January 25, 2011
AOPA ePublishing staff
The strength of the congressional general aviation caucuses—which provides a venue for members of Congress to learn more about GA—helped the industry resist a White House user fee proposal and onerous regulations. Now, with close to 100 newly elected members in the House, leaders of the House GA Caucus are rebuilding the caucus—and AOPA members can help.
Many members of Congress are unfamiliar with general aviation and how it contributes to the national economy. AOPA members can encourage their representatives to join the caucus by giving some examples of how GA serves America:
Since the caucus was founded in 2009, it grew to 125 members, one of the largest caucuses in the House. As they take over leadership of the caucus, new co-chairs Reps. Sam Graves (R-Mo.) and John Barrow (D-Ga.) are recruiting members to re-establish the caucus, circulating a letter explaining the value of GA and inviting their colleagues to join the caucus to learn more.
“There are more than 223,000 active GA aircraft in the United States, which serve nearly 19,000 small and regional airports—many more than the 500 commercial airports in the U.S.,” they wrote. “These airports help connect people and industries that do not always have easy access to our commercial airports.” They went on to explain that GA contributes more than $150 billion to the U.S. economy annually and is one of the few remaining U.S. manufacturing industries that provides a trade surplus for the United States.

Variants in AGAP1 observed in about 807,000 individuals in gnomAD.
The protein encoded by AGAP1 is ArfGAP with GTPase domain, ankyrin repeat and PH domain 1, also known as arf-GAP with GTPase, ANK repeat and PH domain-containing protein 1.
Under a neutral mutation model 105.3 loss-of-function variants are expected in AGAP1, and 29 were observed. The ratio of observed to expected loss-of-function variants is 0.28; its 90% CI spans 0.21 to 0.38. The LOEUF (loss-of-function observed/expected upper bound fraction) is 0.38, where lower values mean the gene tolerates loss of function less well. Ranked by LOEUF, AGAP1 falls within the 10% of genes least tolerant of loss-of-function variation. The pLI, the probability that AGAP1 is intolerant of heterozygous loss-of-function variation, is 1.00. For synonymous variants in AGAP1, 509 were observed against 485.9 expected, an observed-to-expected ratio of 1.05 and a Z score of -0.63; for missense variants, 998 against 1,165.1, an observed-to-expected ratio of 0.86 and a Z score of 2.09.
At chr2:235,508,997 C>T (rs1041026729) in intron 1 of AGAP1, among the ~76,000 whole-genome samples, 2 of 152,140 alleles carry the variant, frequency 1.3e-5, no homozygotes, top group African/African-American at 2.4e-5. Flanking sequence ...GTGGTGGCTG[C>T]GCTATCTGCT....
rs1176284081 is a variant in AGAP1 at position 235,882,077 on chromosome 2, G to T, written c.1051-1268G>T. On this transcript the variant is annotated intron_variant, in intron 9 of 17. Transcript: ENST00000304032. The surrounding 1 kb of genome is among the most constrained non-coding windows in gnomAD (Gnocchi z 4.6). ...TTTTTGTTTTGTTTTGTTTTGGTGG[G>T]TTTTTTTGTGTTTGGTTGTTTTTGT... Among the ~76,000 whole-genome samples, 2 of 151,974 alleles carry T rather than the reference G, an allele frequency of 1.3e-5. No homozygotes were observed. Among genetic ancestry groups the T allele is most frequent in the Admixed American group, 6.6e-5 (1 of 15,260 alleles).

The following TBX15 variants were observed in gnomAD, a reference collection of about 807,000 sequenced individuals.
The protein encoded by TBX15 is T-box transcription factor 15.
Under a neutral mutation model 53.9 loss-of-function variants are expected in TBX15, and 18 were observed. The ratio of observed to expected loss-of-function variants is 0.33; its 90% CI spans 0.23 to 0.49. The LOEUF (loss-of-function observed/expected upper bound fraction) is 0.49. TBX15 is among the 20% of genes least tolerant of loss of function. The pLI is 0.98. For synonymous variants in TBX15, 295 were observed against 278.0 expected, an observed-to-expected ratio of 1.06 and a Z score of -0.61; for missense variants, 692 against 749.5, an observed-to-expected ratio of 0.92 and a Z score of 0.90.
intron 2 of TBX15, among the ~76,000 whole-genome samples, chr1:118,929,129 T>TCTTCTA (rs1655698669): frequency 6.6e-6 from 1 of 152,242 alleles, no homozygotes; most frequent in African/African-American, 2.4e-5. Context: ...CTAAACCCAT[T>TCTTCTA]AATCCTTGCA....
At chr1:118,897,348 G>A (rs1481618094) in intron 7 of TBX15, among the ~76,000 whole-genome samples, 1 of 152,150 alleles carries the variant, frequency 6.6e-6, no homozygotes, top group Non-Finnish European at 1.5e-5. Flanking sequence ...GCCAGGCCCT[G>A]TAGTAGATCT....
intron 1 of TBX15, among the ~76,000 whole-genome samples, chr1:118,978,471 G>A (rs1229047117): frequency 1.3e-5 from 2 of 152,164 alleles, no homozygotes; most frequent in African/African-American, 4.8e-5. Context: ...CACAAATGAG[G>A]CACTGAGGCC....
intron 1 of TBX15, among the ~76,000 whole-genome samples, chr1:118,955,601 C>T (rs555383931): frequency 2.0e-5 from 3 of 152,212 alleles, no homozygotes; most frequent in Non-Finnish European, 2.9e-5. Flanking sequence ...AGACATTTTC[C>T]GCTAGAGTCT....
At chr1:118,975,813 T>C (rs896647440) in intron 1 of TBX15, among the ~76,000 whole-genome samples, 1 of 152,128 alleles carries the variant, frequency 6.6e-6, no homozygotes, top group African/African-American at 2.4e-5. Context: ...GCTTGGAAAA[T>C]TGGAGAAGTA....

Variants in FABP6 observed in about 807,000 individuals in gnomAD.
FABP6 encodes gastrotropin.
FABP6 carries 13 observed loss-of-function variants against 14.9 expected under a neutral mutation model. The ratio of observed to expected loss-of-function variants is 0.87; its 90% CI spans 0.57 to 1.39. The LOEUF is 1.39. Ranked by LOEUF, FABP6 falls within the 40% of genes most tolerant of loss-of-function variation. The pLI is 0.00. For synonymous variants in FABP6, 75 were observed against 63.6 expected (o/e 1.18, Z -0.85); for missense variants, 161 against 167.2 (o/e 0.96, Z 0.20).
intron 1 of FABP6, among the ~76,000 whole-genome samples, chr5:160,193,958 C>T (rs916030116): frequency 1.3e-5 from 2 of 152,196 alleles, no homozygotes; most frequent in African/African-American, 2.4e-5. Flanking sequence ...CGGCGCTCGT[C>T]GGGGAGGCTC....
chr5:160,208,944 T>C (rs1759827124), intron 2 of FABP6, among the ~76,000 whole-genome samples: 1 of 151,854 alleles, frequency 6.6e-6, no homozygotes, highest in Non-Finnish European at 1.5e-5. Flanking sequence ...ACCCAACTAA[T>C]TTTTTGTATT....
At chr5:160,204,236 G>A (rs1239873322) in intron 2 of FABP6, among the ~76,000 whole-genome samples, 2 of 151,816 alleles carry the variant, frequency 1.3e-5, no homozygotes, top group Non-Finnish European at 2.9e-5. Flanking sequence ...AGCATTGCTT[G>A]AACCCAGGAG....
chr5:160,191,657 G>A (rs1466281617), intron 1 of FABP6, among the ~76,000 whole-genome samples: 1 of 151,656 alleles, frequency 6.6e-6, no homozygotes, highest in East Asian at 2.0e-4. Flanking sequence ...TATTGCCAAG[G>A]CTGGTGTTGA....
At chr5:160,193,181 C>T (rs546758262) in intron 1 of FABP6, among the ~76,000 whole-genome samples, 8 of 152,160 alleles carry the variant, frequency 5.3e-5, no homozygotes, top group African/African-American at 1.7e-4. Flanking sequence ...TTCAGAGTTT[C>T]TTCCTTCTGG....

Widespread understanding of GA in Congress contributed to a number of successes for the industry. But 38 members of the caucus did not return to the House in 2011, including former co-chairs Reps. Allen Boyd (D-Fla.) and Vernon Ehlers (R-Mich.). GA supporters are faced with the same challenge they faced at the creation of the caucus—educating members of Congress about the economic contributions of GA.
“In some respects, we’re starting over,” said AOPA Vice President of Legislative Affairs Lorraine Howerton. “Many new members of Congress are unfamiliar with general aviation and its contributions to the nation, so it is important to help them understand the economic footprint of general aviation, the jobs it creates, and the jobs it maintains. Congressmen Graves and Barrow have started out strong as the new leaders of the caucus.”
Pilots and aircraft owners can help the caucus grow by contacting their representatives and encouraging them to join the GA Caucus. Members of Congress can join the caucus by contacting Mike Matousek (with Graves) at 202/225-7041 or by e-mail or Brandon Webb (with Barrow) at 202/225-2823 or by e-mail.
Advocacy and Legislation,
The General Aviation Pilot Protection Act would allow pilots to use the driver’s license medical standard for noncommercial VFR flights in aircraft weighing up to 6,000 pounds with no more than six seats, as long as they carry fewer than five passengers, fly below 14,000 feet msl, and fly no faster than 250 knots.
The Civil Aviation Medical Association is objecting to the FAA's proposed sleep apnea policy, warning that the evidence doesn't justify the approach.
Cessna reports "strong deliveries" of the new TTx since being awarded an FAA type certificate in June, and Brazil has followed suit.
AOPA thanks our members for their continued support in protecting the freedom to fly.